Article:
Isn’t a “black IPA” an oxymoron? How can a dark ale, no matter how bitter, also be pale? Some industry observers have even gone so far as to lament the “arms race mentality” of American craft brewers when it comes to bitter beers. Still other commentators have rallied to the defense of IPAs’ trendiness, pointing out that “[s]aying you don’t like ‘hoppy’ beer nowadays is like saying you don’t like ‘grape-y’ wine.” And still others have cited research that American tastes are changing at a molecular level, and that, as a nation, we are struggling against our own tongues, which have become desensitized by our modern diets.
Whatever the case, not every IPA is concocted so as to rain ruin down on your taste buds. Nor are IPAs purely for the competitive eating, “ghost pepper challenge” crowd. American IPAs can also be appreciated for their nuance and complexity. The basic recipe for any beer is pretty simple after all: water, grain, yeast. Hopping, however, opens up all sorts of creative possibilities for brewers. Not only can brewers mix and match hop varieties; they can also significantly alter the final product by controlling when and how hops are added. As long as Americans like to push boundaries, hops and bitterness will play a prominent role in defining our beer. As beer expert Joanna Carpenter notes, “[t]here’s definitely still an exploratory sense” to our fascination with IPAs.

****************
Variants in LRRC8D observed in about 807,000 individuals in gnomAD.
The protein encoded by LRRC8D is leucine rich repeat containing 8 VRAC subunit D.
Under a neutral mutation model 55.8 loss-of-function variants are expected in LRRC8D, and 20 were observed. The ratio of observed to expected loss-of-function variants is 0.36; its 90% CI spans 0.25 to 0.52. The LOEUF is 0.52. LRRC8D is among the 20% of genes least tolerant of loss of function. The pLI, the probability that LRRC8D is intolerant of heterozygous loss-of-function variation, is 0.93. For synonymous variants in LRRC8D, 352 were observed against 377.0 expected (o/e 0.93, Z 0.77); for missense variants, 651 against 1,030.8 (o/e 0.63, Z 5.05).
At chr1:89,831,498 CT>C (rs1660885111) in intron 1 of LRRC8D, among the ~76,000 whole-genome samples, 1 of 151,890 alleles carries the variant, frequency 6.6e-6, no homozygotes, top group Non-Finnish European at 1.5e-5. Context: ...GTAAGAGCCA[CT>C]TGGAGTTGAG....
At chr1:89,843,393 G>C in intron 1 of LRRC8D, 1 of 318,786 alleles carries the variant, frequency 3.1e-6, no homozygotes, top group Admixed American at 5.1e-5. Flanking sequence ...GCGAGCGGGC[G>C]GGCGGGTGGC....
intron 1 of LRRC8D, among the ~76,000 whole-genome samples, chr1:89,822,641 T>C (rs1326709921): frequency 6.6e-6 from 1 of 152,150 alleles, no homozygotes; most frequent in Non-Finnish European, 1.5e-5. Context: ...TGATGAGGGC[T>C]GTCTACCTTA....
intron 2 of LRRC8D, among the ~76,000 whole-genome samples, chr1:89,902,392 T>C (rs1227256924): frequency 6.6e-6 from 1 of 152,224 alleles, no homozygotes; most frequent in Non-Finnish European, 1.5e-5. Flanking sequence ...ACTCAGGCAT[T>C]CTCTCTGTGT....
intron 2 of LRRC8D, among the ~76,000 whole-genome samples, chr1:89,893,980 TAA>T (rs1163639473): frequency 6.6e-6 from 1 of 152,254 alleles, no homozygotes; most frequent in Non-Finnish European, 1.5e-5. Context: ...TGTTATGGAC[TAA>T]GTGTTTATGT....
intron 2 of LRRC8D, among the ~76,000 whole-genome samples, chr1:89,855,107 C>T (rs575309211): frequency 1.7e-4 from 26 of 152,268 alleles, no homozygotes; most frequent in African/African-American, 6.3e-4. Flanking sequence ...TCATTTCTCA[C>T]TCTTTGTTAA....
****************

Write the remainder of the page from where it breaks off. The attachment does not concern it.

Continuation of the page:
The Future of the American IPA
So as the days go by, you can be sure that American IPAs won’t be same as they ever were. Some may continue to become more and more hop-loaded while others may look focus on achieving a perfect balance. Regardless, you know that American ingenuity will win out in the end and we’ll be able to enjoy many a kickass American-made beer!
What’s the best IPA you’ve ever tasted? Which hops do you look for when you’re reading an IPA label? Do you prefer a balanced IPA or one whose bitterness that can be measured on the Richter scale? How are you planning on commemorating IPA Day this August 4? Knurd-out with us in the comments below and be sure to visit your neighborhood Flying Saucer to find out how we’re celebrating IPA Week.